Shawn L Straszewski-Chavez

Learn More
Intrauterine infections have been associated with pregnancy complications that are also linked with increased trophoblast apoptosis. TLRs are key components of the innate immune system which recognize conserved sequences on the surface of pathogens and trigger effector cell functions. We hypothesize that intrauterine infections may cause the excessive(More)
Apoptosis is important for normal placental development, but it may also be involved in the pathophysiology of pregnancy-related diseases. Normal placental development is dependent upon the differentiation and invasion of the trophoblast, the main cellular component of the placenta. Trophoblast apoptosis increases in normal placentas as gestation proceeds,(More)
Since the invading trophoblast represents a semi-allograft, it should be rejected by the mother. It has, therefore, been postulated that during normal pregnancy the trophoblast evades the maternal immune system though the establishment of immune privilege by triggering the death of activated lymphocytes which may be sensitized to paternal alloantigens. Such(More)
Challenge lies ahead in unravelling the role played by trophoblast and its repertoire of expressed genes in normal human placental development, growth and pathology. Specific technical advances will clearly be required for characterisation of function. In particular, improvements in our repertoire of in vitro models are needed before many of the key(More)
Studies using first trimester trophoblast cells may be limited by the inability to obtain patient samples and/or adequate cell numbers. First trimester trophoblast cell lines have been generated by SV40 transformation or similar methods, however, this approach is known to induce phenotypic and karyotypic abnormalities. The introduction of telomerase has(More)
Apoptosis occurs in the placenta throughout gestation, with a greater frequency near term in comparison to the first trimester. The Fas/FasL system represents one of the main apoptotic pathways controlling placental apoptosis. Although first trimester trophoblast cells express both Fas and FasL, they are resistant to Fas-induced apoptosis. Therefore,(More)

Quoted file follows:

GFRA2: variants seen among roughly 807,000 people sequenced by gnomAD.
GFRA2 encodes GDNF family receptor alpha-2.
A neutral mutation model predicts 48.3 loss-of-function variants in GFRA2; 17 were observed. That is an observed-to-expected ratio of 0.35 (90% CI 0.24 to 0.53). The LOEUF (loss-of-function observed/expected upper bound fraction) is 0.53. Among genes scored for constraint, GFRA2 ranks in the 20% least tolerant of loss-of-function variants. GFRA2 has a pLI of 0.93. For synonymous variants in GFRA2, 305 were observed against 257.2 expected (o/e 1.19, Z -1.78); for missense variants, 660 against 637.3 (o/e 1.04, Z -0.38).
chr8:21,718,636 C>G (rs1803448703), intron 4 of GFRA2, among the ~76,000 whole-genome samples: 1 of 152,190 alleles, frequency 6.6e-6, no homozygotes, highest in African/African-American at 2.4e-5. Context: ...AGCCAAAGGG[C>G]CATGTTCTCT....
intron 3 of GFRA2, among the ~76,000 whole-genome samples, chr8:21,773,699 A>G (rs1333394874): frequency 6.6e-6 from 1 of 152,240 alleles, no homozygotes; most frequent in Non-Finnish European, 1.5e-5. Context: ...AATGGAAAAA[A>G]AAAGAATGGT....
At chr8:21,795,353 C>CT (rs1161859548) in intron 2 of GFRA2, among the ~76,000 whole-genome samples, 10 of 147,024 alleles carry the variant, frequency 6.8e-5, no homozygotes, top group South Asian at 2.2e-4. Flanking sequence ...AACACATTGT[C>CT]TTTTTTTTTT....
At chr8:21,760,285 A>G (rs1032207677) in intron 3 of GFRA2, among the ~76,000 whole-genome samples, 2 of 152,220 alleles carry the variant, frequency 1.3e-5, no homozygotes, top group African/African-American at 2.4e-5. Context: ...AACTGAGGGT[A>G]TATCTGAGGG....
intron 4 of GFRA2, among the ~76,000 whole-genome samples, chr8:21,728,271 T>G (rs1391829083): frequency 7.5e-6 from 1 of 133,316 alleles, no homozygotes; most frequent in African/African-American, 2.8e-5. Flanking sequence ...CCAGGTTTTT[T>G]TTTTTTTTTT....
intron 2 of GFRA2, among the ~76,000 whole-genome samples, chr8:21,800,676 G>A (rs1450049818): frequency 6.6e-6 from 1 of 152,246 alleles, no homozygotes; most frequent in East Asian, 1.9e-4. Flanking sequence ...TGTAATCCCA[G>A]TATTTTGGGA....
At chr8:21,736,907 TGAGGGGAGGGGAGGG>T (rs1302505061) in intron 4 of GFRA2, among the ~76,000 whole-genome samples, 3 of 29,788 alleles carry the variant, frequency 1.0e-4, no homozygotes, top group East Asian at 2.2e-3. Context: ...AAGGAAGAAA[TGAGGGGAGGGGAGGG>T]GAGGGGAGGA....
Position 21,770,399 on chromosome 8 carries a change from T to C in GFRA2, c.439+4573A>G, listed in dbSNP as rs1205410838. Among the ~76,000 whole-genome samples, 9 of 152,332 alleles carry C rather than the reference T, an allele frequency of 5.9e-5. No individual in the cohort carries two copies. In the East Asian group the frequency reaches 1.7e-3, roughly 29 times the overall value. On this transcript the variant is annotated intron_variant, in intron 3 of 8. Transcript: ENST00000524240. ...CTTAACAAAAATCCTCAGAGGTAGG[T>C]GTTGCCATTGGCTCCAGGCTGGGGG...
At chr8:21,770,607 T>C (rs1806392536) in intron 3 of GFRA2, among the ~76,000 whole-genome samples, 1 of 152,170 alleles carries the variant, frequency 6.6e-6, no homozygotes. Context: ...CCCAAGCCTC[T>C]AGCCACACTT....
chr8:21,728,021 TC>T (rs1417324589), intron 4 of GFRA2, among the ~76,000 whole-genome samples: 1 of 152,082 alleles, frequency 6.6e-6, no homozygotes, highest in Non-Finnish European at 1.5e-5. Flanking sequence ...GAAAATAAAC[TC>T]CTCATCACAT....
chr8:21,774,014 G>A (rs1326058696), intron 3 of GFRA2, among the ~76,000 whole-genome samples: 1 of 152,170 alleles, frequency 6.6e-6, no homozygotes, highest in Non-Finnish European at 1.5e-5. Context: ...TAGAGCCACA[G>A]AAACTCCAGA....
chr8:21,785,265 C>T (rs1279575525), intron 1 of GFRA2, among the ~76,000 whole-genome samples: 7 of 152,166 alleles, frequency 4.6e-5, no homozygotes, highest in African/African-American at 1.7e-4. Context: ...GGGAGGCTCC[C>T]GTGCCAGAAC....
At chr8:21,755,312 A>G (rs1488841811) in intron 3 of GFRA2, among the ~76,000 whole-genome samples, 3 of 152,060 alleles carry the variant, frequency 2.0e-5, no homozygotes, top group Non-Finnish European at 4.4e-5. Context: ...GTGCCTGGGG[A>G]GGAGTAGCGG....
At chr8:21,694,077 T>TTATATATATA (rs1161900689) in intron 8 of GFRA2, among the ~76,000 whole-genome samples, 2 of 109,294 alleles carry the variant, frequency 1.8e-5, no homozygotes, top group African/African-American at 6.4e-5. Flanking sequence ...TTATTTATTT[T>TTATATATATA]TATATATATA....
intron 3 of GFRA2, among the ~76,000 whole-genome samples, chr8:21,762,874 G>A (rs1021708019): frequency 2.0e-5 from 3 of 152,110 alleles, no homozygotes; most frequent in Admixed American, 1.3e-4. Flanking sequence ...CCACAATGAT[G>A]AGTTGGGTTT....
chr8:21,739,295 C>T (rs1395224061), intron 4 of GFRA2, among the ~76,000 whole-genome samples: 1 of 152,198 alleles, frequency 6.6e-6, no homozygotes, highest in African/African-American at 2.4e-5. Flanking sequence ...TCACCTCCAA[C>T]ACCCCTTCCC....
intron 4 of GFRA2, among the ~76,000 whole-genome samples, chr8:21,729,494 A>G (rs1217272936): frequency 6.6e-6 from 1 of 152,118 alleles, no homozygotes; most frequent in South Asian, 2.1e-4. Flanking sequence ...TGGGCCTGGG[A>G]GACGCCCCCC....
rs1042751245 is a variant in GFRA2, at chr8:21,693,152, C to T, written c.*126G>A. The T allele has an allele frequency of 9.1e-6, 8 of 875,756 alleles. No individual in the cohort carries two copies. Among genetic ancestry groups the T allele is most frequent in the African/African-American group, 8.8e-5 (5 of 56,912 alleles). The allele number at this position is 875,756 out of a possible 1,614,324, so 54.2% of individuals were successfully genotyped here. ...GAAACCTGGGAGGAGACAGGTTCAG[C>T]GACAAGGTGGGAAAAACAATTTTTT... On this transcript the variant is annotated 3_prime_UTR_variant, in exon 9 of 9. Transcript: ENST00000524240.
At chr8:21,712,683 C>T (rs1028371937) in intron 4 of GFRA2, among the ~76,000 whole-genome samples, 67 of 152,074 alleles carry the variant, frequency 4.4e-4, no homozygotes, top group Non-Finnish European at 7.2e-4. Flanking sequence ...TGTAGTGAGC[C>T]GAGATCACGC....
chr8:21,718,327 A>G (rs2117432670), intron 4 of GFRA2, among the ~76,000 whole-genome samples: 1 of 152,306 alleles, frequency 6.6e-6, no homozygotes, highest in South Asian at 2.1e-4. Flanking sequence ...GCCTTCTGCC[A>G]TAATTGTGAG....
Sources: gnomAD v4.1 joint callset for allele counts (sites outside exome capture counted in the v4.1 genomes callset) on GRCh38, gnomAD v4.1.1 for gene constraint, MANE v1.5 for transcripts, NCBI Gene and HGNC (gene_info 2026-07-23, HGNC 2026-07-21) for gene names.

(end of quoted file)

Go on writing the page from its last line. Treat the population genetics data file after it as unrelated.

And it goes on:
During implantation and pregnancy, the invading trophoblast population is within close contact to maternal immune cells, particularly macrophages. During this period, a low level of trophoblast cell death occurs as part of the normal process of tissue renewal. Macrophage engulfment of apoptotic trophoblast cells prevents the release of potentially(More)
Tumor necrosis factor-alpha (TNF-alpha) and Fas ligand induce apoptosis by interacting with their corresponding membrane-bound death receptors and activating caspases. Since both systems share several components of the intracellular apoptotic cascade and are expressed by first trimester trophoblasts, it is unknown how these cells remain resistant to Fas(More)
Increased trophoblast apoptosis has been implicated in pregnancies complicated by fetal growth restriction and preeclampsia (EC). We investigated placenta growth factor (PLGF) signaling during trophoblast apoptosis in culture and X-linked inhibitor of apoptosis protein (XIAP) and apoptosis inducible factor (AIF) in the preeclamptic placenta at term was(More)
The PIK3/AKT pathway plays an important role in both the inhibition of the apoptotic cascade and the promotion of cell growth and proliferation. Multiple apoptosis-related targets of phosphatidylinositide 3-kinase (PIK3) and protein kinase B (AKT) have been identified, including the antiapoptotic protein XIAP. By phosphorylating XIAP, AKT was previously(More)
  • 1